January 03, 2014 via Pepsi
Artists You Should Know: Tokyo Rising
Space-age technology winds underneath and around centuries of tradition. Neon lights illuminate conveyor belts serving up sushi. Buildings loom over a city that is constantly expanding in every direction. In short, Tokyo presents the average visitor with a barrage of stimuli, and this hyper-saturated culture is reflected in the local music scene. Musicians in Tokyo seem to be expertly aware of the context of their music- whether it be ultra-produced synth-laden pop megagroups or too-cool-for-school garage rock. No matter if its J-pop, K-pop, hip-hop, rock, or dance music, Tokyo has one of the most vibrant and unique music scenes on the planet. Let’s take a closer look at the Tokyo musicians you should know.
Kyary Pamyu Pamyu
We’d be remiss if we didn’t mention technicolor exploding heart-throb Kyary Pamyu Pamyu. Her music and style (she’s a model and blogger too) reflect the “kawaii” or “cute” culture found in the stylish Tokyo neighborhood Harajuku. Often called the Lady Gaga of Japan for her wild fashion sense, Kyary’s style of ravey, synthesized J-pop is often served paired with color-saturated cartoonish visuals that are simultaneously cute and creepy; perfect combo.
Trippple Nippples are wild. Consisting of singers/dancers Qrea Nippple, Yuka Nippple and Nabe Nippple, this band is known for their explosive live shows, even getting them banned from a few venues for their more edgy performances. Pharrell was so blown away by Trippple Nippples that he actually featured the band in a doc he made with Palladium about Japanese culture. They even opened a tour for the forefathers of high-energy, self-aware quirk pop, Devo.
Boris are uncompromisingly cool. Holding down the heavy riffage for Tokyo since 1992, the trio has released an impressive eighteen studio albums since to cult and critical praise. They’re known for their insistence on pushing boundaries, taking musical influences from pysch-rock to sludge rock to experimental noise music. As with a lot of the best heavy music out there, Boris often have a tongue-in-cheek quality to their music, allowing them to shred in an appropriately profuse manner, while still making cheeky commentary on everything from popular culture to their own music.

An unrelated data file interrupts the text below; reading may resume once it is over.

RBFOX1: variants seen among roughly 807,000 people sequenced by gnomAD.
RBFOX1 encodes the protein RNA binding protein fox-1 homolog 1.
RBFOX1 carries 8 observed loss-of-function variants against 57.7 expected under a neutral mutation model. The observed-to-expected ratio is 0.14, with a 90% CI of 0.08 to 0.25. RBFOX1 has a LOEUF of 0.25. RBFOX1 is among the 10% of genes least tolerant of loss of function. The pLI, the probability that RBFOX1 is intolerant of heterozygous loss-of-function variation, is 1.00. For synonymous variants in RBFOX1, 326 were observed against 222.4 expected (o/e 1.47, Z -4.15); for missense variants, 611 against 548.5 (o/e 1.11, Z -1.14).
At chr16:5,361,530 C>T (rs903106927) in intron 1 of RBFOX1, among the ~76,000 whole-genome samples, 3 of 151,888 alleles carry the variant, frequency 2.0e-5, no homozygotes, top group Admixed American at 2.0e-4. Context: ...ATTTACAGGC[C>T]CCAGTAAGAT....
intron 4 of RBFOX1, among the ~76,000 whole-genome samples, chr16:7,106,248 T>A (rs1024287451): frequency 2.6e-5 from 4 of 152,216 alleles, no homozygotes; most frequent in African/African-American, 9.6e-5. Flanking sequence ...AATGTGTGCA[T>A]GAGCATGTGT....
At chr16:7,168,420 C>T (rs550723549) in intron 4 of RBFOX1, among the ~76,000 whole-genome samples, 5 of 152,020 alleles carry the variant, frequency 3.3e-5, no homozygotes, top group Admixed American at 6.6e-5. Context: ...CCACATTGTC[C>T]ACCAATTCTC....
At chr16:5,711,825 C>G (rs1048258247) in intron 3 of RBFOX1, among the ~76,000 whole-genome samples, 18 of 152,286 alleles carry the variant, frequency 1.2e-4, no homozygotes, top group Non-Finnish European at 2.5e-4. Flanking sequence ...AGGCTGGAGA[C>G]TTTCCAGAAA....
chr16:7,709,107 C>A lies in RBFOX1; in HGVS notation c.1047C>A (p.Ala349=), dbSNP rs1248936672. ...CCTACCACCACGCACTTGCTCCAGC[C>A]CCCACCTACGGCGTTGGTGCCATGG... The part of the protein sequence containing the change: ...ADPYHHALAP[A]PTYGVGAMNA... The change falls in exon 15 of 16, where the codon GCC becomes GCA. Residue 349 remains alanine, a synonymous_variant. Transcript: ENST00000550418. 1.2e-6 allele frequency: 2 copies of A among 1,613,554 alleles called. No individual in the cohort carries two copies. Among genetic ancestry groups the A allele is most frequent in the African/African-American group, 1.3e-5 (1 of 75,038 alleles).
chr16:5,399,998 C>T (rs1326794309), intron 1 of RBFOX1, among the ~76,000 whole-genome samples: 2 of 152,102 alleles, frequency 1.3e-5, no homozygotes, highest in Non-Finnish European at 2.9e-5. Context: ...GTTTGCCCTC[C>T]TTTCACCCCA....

Akin to the Beastie Boys of Japan, RIP SLYME are a Tokyo hip-hop crew that is heavily influenced by classic hip-hop; more Jurrassic 5 than Jay-Z, more Kool Herc than Kanye. The four MCs and one DJ have a colorful, over-the-top style that’s reflected in their endlessly entertaining cartoonish music videos. With six albums under their belt, Rip Slyme are continue to be one of the titans of the Tokyo music scene.
If Rip Slyme are the Beastie Boys of Tokyo, Verbal might be the Kanye. The outspoken rapper is a former member of the J-pop hip-hop groups m-flo and Teriyaki Boyz. Verbal actually grew up in Boston and after attending Boston College returned to Japan to pursue hip-hop. Recently entering the solo artist zone in 2011 with his album Visionair, which featured pop icons Lil Wayne and Nicki Minaj. If that weren’t enough, Verbal’s also a style icon with his own fashion line, just like his good buddy, Pharrell.
The Suzan are an all-female four-piece rock band that continues the Tokyo tradition of blending genres into something both familiar and out-there. There’s an element of punky garage Stooges-like kinetics, and the bubblegum sweetness of pop songwriters Peter Bjorn & John. So much so, that Peter Bjorn and John produced their debut album, which was released on both Fools Gold and Downtown records. With a recent move to NYC, the Suzan are sure to do their Tokyo friends proud stateside.
The Novembers, fronted by Kobayashi Yusuke, have been a mainstay in the Japanese alternative rock scene since their debut album in 2007. Since then the band have remained busy, releasing three full-length albums and four EPs, not to mention touring. Their sound takes cues from classic Brit Pop like The Cure, as well as the garage rock poets the Velvet Underground and masters of epic instrumentals Godspeed! You Black Emperor. Their recently released album, Zeitgeist, takes a darker turn while still reviving classic '80s and '90s rock sounds.
Tokyo’s intense cultural density lends itself well to the hazy soundscapes of dream pop, just take a look at the track list for the Lost In Translation soundtrack. And Tokyo label Flau has been a prolific purveyor of various forms of hushed, experimental music. While modern-day dreamy troubadour Cuushe now tours Asia and Europe and often resides in Berlin, her music is the type of intimate bedroom recording that is best soundtracking a blissful Tokyo daydream or a nocturnal train ride around the city, and perfectly represents what Flau and Tokyo’s alternative pop scene is about.
Naming themselves after a famous synthesizer and calling their sound, “technicolor pogo punk,” Polysics have been making their unique brand of new wave since 1997, while recording and touring around the world. Following in the footsteps of bands like Devo and Yellow Magic Orchestra, the band makes raw spazzy art rock, and aren’t afraid to sing in English as well as Japanese, and even in straight-up gibberish. If you have the chance, definitely catch them live for their high-energy shows.
Miho Hatori might be best known in the US and Europe for her endearing singing on records by the animated supergroup the Gorillaz, but by the time she was working with Damon Albarn, she’d already cut her teeth in the underground with her food-crazed Japanese trip-hop bossa nova project called Cibo Matto. The Tokyo-born artist has worked with everyone from Beck to Sean Lennon, and was signed to the Beastie Boys’ now defunct Grand Royal Label back in the day. With that kind of track record, we can’t wait to see what she does next.